I  was born at mid-20th century and, as a child, read many of the books discussed.   I thanked Julia for her book "which explained my life."  As a child I learned a democratic, egalitarian spirit from the books I read.  "While school textbooks taught children to uphold the values of the Cold War, many of the trade books they checked out of the library or bought in bookstores taught them just the opposite."     As McCarthyism drove leftist writers and educators underground they entered "the hidden world" of children's literature.  Some titles and authors mentioned in the book are:
Millions of Cats (Gift Edition) (Picture Puffin Books)The Little Red Caboose (Little Golden Book)Millions of Cats, Dr. Seuss, the All- About Books and the Landmark Books, Jack London, Little Golden Books, Penny Parker, Nancy Drew,  most Lincoln biographies for children, Langston Hughes (whose poetry I selected as my reading for UIL competition during my senior year in high school), many science and nature books, etc.  
Meet Abraham Lincoln (Landmark Books)"Few..." of the authors of these books "wished to 'propagandize' children...  they wished to make children autonomous, critical thinkers who questioned authority and believed in social justice.... to strengthen a sense of community, of the need to work with others to solve problems or accomplish tasks."  (page 11)  "They wished to give children tools of critical thinking, a distrust of received authority, and insights into the dynamics of biological and technological development and operation.  They wanted to share their internationalist, cooperative, and democratic outlook and what they perceived as an ability to rationally evaluate aspects of an irrational society."  (p. 182)   
While I was reading this book, I was selecting books from my sister's library and came across Just Follow Me by Phoebe Erickson which is illustrative of Mickenberg's treatise:  the puppy explores a world that is much bigger than he is, meets a variety of animals who say "just follow me" while he learns to judge for himself what is and isn't a home, comes across a lamb from the flock of the home farm, plays equally with this very different animal, and goes home to a mother who has worried that he has been lost but "Little Dog knew he wasn't and never had been lost."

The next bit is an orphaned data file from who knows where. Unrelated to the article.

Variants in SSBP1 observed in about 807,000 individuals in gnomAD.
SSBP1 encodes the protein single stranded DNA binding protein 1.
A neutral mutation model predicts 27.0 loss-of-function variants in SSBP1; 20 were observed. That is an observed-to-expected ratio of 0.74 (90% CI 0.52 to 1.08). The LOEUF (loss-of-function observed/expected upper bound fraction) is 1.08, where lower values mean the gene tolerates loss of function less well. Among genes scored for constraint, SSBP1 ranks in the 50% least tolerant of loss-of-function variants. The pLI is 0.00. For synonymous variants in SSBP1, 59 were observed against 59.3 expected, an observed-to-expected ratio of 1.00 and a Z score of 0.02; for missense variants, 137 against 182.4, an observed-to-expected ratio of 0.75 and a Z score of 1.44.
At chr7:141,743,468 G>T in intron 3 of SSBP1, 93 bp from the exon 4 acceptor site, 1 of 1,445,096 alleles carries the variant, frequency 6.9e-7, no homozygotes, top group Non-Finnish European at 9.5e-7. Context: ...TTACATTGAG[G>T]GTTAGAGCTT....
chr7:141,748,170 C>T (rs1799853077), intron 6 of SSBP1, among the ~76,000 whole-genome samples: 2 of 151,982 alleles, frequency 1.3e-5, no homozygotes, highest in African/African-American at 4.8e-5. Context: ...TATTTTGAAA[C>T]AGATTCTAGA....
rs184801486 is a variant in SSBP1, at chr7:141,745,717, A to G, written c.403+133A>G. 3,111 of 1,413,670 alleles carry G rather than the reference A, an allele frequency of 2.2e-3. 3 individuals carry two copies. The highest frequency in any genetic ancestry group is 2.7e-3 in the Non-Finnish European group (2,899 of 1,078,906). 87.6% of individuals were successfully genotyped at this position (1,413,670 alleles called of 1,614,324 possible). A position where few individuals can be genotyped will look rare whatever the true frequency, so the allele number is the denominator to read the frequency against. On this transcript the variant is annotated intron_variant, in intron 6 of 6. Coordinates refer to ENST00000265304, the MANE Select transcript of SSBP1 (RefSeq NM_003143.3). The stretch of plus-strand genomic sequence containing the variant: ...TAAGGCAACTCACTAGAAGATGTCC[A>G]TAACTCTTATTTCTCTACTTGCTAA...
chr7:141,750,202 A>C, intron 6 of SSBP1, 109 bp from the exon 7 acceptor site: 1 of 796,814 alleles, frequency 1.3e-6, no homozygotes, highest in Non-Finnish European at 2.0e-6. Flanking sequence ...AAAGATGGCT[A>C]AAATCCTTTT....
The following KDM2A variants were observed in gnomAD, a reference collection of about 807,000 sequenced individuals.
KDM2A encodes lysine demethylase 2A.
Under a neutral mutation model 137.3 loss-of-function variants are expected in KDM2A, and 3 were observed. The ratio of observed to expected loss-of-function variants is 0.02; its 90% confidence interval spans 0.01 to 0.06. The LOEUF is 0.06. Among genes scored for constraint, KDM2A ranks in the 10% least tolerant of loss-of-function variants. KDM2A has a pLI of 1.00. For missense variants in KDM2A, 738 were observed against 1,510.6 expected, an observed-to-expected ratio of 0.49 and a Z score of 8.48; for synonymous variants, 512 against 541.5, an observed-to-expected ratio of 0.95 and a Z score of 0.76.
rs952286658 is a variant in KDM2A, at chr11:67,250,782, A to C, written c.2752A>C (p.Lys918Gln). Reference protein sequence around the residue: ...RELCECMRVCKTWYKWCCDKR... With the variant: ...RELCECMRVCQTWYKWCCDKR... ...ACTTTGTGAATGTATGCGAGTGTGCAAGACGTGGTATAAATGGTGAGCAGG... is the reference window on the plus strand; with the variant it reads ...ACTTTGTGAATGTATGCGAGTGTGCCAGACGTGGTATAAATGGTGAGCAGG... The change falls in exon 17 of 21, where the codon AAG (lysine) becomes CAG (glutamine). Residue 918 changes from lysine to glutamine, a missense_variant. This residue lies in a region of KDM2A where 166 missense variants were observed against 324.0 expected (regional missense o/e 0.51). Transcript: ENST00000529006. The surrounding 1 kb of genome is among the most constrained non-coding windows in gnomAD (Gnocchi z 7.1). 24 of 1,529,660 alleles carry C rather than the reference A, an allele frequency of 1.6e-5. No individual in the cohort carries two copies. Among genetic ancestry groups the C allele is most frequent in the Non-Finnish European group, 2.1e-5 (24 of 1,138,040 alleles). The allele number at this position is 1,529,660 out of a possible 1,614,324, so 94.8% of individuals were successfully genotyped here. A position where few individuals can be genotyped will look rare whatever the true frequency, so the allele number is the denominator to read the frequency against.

In some sense this little book is a biography of the "flower children" and so many of my friends who travelled about and made foolish and wise choices while "looking for themselves" during our college years.   It is one explanation of how and why the radicalism of the 1960s grew out of the placid (and repressive) 1950s and how and why some children of the South marched for Civil Rights, although Julia cautions:  "It would be impossible (and far too reductive) to draw some kind of cause-and-effect link between childhood reading and the rebellions of the 1960s. Even so, the generational lines are not merely coincidental." p. 276

I highly recommend Mickenberg's Learning from the Left, which I read in the Kindle edition, to anyone with an interest in literature, history, American culture, education, or who seeks to understand the roots of the sharp political divide and partisanism which is the bane of current U.S. politics.  We might also read a some children's literature to see if we can  "strengthen a sense of community, of the need to work with others to solve problems."

01 July 2011

"Windows and Wallpaper" ChLA 1

I recently spent a delightful 5 days at Hollins University attending  ChLA; the hosts were wonderful, the sessions were educational, my fellow attendees were interesting and interested, the food was delicious, and there were fireflies at the awards banquet on the grounds of the historic quad.  All that and I got to be dorm "roomie" with Sonya Sawyer Fritz.  What fun!

The Runaway BunnyMargaret Wise Brown, who graduated from Hollins in 1932, is the author of two of my favorite books (Goodnight Moon and The Runaway Bunny)
and is being celebrated with a festival which has just opened.  The campus museum exhibit, where I spent a delightful half hour and wanted to stay the day, is Goodnight, Hush.  Classic Children's Book Illustrations. I lingered and returned again and again to the original illustrations by Clement Hurd.  Since DMP and I had a series of house bunnies spanning twenty years, I delighted in his studies of rabbits in various poses.

Papa Gatto: An Italian Fairy TaleI also enjoyed the classic fairy tale illustrations of Ruth Sanderson and bought a copy of Papa Gatto, An Italian Fairy Tale, a Cinderella story which required no fairy godmother.